The sea is one of my favourite things. I find it intriguing, enchanting and at times, frightening. The sea is beautiful yet unpredictable. It whispers and calls, lulls and calms, and yet, it can be ferocious and murderous too. Did you know that seawater covers around 71% of the earth’s surface? That’s a lot of water to marvel at!

Despite its size, the sea is not a vast watery nothingness like many people believe; there are islands and reefs and ravines, and so much is hidden from view. The tides are in constant flux and below the waves, the sea is teeming with life. A wild and unruly beast, it is this incredible mix of qualities that made seascapes a prominent feature in my latest book, The Book of Shadows – Nine Lives Trilogy 2.

I live on the Atlantic coast in Southwest Ireland and I spend as much time as I can near the sea and on the sea. We have a small punt that we use for catching mackerel and pollock in the summer, and we often see lots of creatures such as jellyfish, dolphins, minke whales, and basking sharks. Then there are the seabirds including manx shearwaters, terns, guillemots, and gannets – so don’t be surprised when you find these creatures woven into my stories!

Even though my Nine Lives Trilogy is a fantasy story, it is important to me that the characters and events are believable. This means that the seascapes and high seas adventures had to be realistic as well as exciting, and so I’ve taken lots of inspiration from my immediate surroundings. There’s nothing better than heading out into open water, all your senses open, not knowing what you’ll encounter or how the journey will impact your story. It’s also fun interrogating fishermen and sailors for details that might add to your tale.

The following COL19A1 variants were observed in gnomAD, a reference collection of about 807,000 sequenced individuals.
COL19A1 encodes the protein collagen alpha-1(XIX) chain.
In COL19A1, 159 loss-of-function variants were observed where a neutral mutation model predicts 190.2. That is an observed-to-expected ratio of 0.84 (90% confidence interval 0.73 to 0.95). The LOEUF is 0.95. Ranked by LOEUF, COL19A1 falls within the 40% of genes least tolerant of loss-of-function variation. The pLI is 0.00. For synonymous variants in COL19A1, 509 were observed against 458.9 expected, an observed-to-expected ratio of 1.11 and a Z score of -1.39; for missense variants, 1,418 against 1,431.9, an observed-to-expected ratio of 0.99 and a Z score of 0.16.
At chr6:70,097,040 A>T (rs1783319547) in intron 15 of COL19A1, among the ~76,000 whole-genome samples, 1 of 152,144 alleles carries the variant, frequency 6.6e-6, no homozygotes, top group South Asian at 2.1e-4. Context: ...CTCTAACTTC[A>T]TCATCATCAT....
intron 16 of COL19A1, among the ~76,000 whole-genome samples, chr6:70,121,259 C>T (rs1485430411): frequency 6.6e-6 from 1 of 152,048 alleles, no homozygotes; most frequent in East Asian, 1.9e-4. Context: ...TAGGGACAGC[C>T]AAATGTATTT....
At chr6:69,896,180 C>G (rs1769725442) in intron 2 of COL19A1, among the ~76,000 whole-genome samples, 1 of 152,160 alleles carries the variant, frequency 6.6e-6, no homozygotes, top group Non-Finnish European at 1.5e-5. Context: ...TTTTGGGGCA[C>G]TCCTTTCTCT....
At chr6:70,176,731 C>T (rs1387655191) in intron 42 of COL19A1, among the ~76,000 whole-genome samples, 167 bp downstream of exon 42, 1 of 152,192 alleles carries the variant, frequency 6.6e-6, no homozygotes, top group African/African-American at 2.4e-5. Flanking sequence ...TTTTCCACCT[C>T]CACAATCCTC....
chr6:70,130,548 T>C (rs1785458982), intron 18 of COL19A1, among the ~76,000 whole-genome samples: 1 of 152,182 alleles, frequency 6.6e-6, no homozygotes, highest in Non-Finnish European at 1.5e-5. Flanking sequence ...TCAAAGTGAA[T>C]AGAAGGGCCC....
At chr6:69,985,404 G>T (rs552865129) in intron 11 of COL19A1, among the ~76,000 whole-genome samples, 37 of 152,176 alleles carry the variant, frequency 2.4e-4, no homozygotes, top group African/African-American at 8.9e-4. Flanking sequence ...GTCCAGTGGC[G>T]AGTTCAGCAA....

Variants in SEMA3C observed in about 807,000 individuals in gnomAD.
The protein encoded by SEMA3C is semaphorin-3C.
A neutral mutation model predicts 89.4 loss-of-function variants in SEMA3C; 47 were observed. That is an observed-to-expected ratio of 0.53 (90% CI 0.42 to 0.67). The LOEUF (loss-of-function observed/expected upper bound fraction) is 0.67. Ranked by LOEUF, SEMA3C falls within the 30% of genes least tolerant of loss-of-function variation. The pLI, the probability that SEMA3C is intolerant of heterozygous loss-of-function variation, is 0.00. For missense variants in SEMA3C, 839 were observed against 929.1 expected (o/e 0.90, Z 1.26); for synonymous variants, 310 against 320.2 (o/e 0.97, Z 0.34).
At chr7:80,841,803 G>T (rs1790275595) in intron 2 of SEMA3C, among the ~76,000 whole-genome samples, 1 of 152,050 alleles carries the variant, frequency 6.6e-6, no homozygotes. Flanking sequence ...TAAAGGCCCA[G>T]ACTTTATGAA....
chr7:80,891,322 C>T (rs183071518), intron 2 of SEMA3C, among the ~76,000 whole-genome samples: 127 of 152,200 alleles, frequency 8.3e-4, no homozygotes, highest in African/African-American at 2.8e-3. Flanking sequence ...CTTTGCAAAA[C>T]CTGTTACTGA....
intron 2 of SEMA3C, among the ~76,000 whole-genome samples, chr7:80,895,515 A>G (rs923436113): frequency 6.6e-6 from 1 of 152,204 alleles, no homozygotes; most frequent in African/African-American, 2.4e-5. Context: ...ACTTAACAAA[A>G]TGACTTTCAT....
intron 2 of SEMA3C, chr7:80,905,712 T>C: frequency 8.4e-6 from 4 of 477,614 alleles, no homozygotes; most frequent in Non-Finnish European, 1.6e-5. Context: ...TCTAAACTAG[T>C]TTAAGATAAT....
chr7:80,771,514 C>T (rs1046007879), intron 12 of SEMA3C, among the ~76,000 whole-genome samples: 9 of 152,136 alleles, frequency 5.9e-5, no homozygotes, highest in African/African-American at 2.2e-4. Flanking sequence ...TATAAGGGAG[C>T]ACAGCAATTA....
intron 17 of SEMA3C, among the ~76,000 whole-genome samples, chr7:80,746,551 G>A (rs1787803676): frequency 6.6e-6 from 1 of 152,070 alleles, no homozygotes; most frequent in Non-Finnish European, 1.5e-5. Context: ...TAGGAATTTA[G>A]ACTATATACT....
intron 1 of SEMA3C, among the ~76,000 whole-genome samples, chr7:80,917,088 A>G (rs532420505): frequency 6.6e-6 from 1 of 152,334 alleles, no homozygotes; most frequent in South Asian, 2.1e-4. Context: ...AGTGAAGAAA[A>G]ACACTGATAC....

fullsizerender-77Did you realise, for instance, that it is considered unlucky to set sail on a Friday? Or that a tiny spot of rainbow portends rain? Did you know that fishermen prefer to use a clinch knot on their lines? Or that 30 foot long basking sharks might peek inside your boat (the young ones can be quite inquisitive)? Can you tell a schooner from a sloop? Finding out details like this is really fun and even though they’re not the focus of the action, they bring an extra atmospheric element and sense of realism.

Some of the place names in The Book of Shadows are real, while others are complete fiction. Gun Point, for instance, is an actual place, and so is Roaring Water Bay – these are the real names of places where I live (I just shifted them a little, geographically). Gallows Island is based on a mixture of Cape Clear and Long Island (I can see Long Island from my home); I needed to fuse the landscapes, but I also wanted a more sinister name, so I made that up.